The Met Ball. The undisputed fashion event of the year where singers, actors and models gather in larger than life outfits cum costumes to see and be seen. This year, the public is offered an inside glance with upcoming documentary ‘First Monday in May’, directed by Andrew Rossi and due to air on the 15th April at the Tribeca Film Festival, then hit cinema screens shortly after. The Met Gala is a fundraiser event for the Metropolitan Museum of Art in New York, marking the opening of the Costume Institute’s annual fashion exhibition, which runs for a few months following the gala. The ball is always in keeping with the theme of the year’s exhibition and is chaired by Anna Wintour, Vogue’s editor-in-cheif, with guests instructed to choose their outfits accordingly.
‘First Monday in May’ centres around the 2015 Met Gala, titled ‘China: Through the Looking Glass’ and examines the entire process of both the gala and exhibition, linking both with the debate of whether fashion can be considered art. This debate is mainly addressed by Curator in Charge of the Costume Institute at the Metropolitan Museum of Art, Andrew Bolton. It also features appearances from some of the most influential figures in art and fashion, including Baz Luhrmann, creative consultant for the Met Gala, Andre Leon Talley, Karl Lagerfeld and John Galliano.
The 2015 Met Gala and following exhibit was described as an exploration of Chinese-inspired Western fashions, which went on to become the most attended Costume Institute exhibit in the Met’s history. The challenge of such an event is to ensure that the spectacular, high fashion outfits donned by celebrities do not overshadow the exhibition and artwork, and that the fashion does not drift to far into costume. At $25,000 per ticket, however, and outfits costing far more, this is a chance for designers and celebrities alike to let their creativity shine, and expose their brand. Viewers will see the complex organisation that goes into such an event, from seating charts to performances.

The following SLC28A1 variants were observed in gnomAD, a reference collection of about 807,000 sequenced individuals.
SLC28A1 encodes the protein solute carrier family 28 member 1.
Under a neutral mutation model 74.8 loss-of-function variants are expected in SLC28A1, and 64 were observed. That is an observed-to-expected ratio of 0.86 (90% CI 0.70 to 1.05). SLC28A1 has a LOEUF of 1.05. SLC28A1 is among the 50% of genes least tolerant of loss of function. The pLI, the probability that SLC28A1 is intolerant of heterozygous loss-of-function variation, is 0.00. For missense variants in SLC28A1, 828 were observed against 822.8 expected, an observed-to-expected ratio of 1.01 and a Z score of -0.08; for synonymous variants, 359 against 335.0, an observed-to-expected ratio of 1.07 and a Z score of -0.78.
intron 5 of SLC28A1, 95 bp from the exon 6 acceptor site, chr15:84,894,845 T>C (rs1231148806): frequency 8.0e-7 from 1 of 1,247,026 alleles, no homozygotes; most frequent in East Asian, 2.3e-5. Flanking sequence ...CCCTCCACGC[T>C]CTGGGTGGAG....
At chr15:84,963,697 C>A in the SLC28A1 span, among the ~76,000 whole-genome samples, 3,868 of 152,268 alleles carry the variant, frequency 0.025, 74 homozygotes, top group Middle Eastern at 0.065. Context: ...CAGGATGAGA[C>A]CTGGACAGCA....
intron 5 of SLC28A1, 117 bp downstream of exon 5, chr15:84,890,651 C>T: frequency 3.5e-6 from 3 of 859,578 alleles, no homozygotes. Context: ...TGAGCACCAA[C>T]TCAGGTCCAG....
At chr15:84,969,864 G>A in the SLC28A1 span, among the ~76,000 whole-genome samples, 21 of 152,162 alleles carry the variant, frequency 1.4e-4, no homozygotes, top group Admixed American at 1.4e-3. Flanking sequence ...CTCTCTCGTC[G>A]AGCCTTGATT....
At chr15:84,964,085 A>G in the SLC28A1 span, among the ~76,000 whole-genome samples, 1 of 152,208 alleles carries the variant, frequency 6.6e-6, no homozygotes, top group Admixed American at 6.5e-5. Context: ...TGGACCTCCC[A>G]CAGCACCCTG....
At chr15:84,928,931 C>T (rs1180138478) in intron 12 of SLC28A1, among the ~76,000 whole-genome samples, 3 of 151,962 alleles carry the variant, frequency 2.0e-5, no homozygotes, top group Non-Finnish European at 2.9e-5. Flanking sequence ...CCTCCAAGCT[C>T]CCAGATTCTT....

The recently released trailer shows various fashion icons describing the ball, “it’s the Superbowl of social fashion events”, says Andre Leon Talley, and Anna Wintour striding about organising things and being utterly terrifying in general. “He’d better not be on his cellphone all night”, she warns of one celebrity, “it’s going to look like a Chinese restaurant,” she says scathingly of the decor. It also shows Andrew Bolton defending the initiative of the theme, claiming to be “not afraid of controversy”, whilst still questioning if the theme could be considered racist.
The joy of hindsight offers some wisdom and answers to those posed in the documentary. Racism was a significant subject of discussion by many Chinese viewers, with many offended by outfit choices such as Cara Delevigne’s full-body fake floral tattoos, which were attributed to the Japanese, as opposed to Chinese culture. Others, such as Sarah Jessica Parker, were ridiculed for their clothing choices. Parker’s striking headwear piece designed by Philip Tracey likened to the Beijing Olympic mascot, Haunhaun, others likening it to the Heat Miser. Whilst Rihanna, who performed on the night, donned a striking gown created by Chinese designer Guo Pie (a rare phenomenon amongst the gala’s guests), she was too the subject of ridicule and some cruelly clever memes, which featured her long yellow train as an omelet. Quirky accessories such as Emma Roberts’ chopsticks stuck into her undo were criticised as dated and insensitive representations of Asian culture, so much so that after her Instagram post received negative comments, Roberts removed her hair accessories before stepping onto the red carpet. Chinese Vogue graced actor Zhang Ziti’s sculpted cream dress with their approval, naming her a “rare veteran” who successfully dressed for the theme.
It was not only the outfits that enraged viewers, but also the attitude and comments of the Met Ball attendees, which many deemed inappropriate. One such comment was made by John Hale, who told jokes regarding opium, and claimed that he prepared for the ball by watching Jackie Chan films. Talley, who was interviewing guests on the red carpet on behalf of Vogue, asked each interviewee what their favourite Chinese food was, a question deemed ignorant and unconnected by many. The exhibition itself, however, was deemed tasteful and respectful.
Now you understand the background, there is nothing to do but wait until April. As with all Vogue based documentaries, the ‘First Monday in May’ is bound to be creatively inspiring, aesthetically decadent and pleasantly entertaining. All that remains to be seen is how much they deal with the nitty-gritty, and the celebrity tantrums that occur along the way.